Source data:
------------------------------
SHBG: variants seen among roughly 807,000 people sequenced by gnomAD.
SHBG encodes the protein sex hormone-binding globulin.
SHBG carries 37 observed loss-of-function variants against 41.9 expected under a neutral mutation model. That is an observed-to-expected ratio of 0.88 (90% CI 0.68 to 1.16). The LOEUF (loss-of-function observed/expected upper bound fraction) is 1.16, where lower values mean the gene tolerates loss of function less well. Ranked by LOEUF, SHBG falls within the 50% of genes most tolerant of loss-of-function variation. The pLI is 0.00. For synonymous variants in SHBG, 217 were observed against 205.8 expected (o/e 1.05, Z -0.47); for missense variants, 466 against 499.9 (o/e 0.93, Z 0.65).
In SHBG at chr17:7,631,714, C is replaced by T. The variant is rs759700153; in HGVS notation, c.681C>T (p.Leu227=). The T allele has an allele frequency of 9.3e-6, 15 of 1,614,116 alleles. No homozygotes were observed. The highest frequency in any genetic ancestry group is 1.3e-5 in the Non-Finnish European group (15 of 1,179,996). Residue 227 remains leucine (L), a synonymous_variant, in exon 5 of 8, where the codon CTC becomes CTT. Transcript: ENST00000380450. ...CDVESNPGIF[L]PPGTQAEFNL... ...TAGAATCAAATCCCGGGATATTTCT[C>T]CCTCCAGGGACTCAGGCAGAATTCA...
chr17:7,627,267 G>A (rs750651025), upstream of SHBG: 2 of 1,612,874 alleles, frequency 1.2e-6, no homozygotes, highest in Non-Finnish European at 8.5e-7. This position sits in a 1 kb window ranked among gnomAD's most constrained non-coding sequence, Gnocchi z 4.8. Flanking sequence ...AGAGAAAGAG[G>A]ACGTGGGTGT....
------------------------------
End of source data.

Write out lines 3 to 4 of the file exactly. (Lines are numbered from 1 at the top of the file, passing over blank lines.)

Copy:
SHBG carries 37 observed loss-of-function variants against 41.9 expected under a neutral mutation model. That is an observed-to-expected ratio of 0.88 (90% CI 0.68 to 1.16). The LOEUF (loss-of-function observed/expected upper bound fraction) is 1.16, where lower values mean the gene tolerates loss of function less well. Ranked by LOEUF, SHBG falls within the 50% of genes most tolerant of loss-of-function variation. The pLI is 0.00. For synonymous variants in SHBG, 217 were observed against 205.8 expected (o/e 1.05, Z -0.47); for missense variants, 466 against 499.9 (o/e 0.93, Z 0.65).
In SHBG at chr17:7,631,714, C is replaced by T. The variant is rs759700153; in HGVS notation, c.681C>T (p.Leu227=). The T allele has an allele frequency of 9.3e-6, 15 of 1,614,116 alleles. No homozygotes were observed. The highest frequency in any genetic ancestry group is 1.3e-5 in the Non-Finnish European group (15 of 1,179,996). Residue 227 remains leucine (L), a synonymous_variant, in exon 5 of 8, where the codon CTC becomes CTT. Transcript: ENST00000380450. ...CDVESNPGIF[L]PPGTQAEFNL... ...TAGAATCAAATCCCGGGATATTTCT[C>T]CCTCCAGGGACTCAGGCAGAATTCA...